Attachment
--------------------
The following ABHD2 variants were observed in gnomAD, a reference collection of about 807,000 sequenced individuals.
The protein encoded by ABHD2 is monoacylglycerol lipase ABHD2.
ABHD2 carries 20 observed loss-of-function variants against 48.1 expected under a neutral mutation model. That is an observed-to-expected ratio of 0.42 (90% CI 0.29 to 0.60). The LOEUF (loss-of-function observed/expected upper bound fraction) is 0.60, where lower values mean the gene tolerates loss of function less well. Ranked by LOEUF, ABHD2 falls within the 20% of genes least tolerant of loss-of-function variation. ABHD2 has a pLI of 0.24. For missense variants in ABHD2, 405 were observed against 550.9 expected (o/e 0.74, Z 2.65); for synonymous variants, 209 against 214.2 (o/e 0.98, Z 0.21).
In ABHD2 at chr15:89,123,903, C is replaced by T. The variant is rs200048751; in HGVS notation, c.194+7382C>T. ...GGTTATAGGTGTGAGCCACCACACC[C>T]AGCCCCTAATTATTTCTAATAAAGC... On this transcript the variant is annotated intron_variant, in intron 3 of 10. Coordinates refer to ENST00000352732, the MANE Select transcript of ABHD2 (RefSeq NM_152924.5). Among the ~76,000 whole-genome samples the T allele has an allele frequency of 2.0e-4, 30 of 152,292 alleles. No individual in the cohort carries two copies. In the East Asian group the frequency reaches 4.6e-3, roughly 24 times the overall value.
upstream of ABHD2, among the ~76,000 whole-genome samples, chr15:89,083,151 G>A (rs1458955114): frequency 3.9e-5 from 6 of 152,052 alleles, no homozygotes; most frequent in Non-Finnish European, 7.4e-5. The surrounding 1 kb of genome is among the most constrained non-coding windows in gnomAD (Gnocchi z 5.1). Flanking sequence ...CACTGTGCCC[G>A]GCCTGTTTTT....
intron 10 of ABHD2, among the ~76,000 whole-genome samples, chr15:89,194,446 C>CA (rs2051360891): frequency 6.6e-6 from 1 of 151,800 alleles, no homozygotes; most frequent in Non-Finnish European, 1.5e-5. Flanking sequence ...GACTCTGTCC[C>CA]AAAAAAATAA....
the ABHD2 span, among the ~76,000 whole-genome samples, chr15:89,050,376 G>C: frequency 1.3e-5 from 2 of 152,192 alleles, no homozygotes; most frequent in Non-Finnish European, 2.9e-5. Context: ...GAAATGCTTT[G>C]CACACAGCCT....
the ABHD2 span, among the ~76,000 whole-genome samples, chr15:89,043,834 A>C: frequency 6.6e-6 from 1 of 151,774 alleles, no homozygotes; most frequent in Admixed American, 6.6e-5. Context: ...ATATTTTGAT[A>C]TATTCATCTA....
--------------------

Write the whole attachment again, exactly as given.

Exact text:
The following ABHD2 variants were observed in gnomAD, a reference collection of about 807,000 sequenced individuals.
The protein encoded by ABHD2 is monoacylglycerol lipase ABHD2.
ABHD2 carries 20 observed loss-of-function variants against 48.1 expected under a neutral mutation model. That is an observed-to-expected ratio of 0.42 (90% CI 0.29 to 0.60). The LOEUF (loss-of-function observed/expected upper bound fraction) is 0.60, where lower values mean the gene tolerates loss of function less well. Ranked by LOEUF, ABHD2 falls within the 20% of genes least tolerant of loss-of-function variation. ABHD2 has a pLI of 0.24. For missense variants in ABHD2, 405 were observed against 550.9 expected (o/e 0.74, Z 2.65); for synonymous variants, 209 against 214.2 (o/e 0.98, Z 0.21).
In ABHD2 at chr15:89,123,903, C is replaced by T. The variant is rs200048751; in HGVS notation, c.194+7382C>T. ...GGTTATAGGTGTGAGCCACCACACC[C>T]AGCCCCTAATTATTTCTAATAAAGC... On this transcript the variant is annotated intron_variant, in intron 3 of 10. Coordinates refer to ENST00000352732, the MANE Select transcript of ABHD2 (RefSeq NM_152924.5). Among the ~76,000 whole-genome samples the T allele has an allele frequency of 2.0e-4, 30 of 152,292 alleles. No individual in the cohort carries two copies. In the East Asian group the frequency reaches 4.6e-3, roughly 24 times the overall value.
upstream of ABHD2, among the ~76,000 whole-genome samples, chr15:89,083,151 G>A (rs1458955114): frequency 3.9e-5 from 6 of 152,052 alleles, no homozygotes; most frequent in Non-Finnish European, 7.4e-5. The surrounding 1 kb of genome is among the most constrained non-coding windows in gnomAD (Gnocchi z 5.1). Flanking sequence ...CACTGTGCCC[G>A]GCCTGTTTTT....
intron 10 of ABHD2, among the ~76,000 whole-genome samples, chr15:89,194,446 C>CA (rs2051360891): frequency 6.6e-6 from 1 of 151,800 alleles, no homozygotes; most frequent in Non-Finnish European, 1.5e-5. Flanking sequence ...GACTCTGTCC[C>CA]AAAAAAATAA....
the ABHD2 span, among the ~76,000 whole-genome samples, chr15:89,050,376 G>C: frequency 1.3e-5 from 2 of 152,192 alleles, no homozygotes; most frequent in Non-Finnish European, 2.9e-5. Context: ...GAAATGCTTT[G>C]CACACAGCCT....
the ABHD2 span, among the ~76,000 whole-genome samples, chr15:89,043,834 A>C: frequency 6.6e-6 from 1 of 151,774 alleles, no homozygotes; most frequent in Admixed American, 6.6e-5. Context: ...ATATTTTGAT[A>C]TATTCATCTA....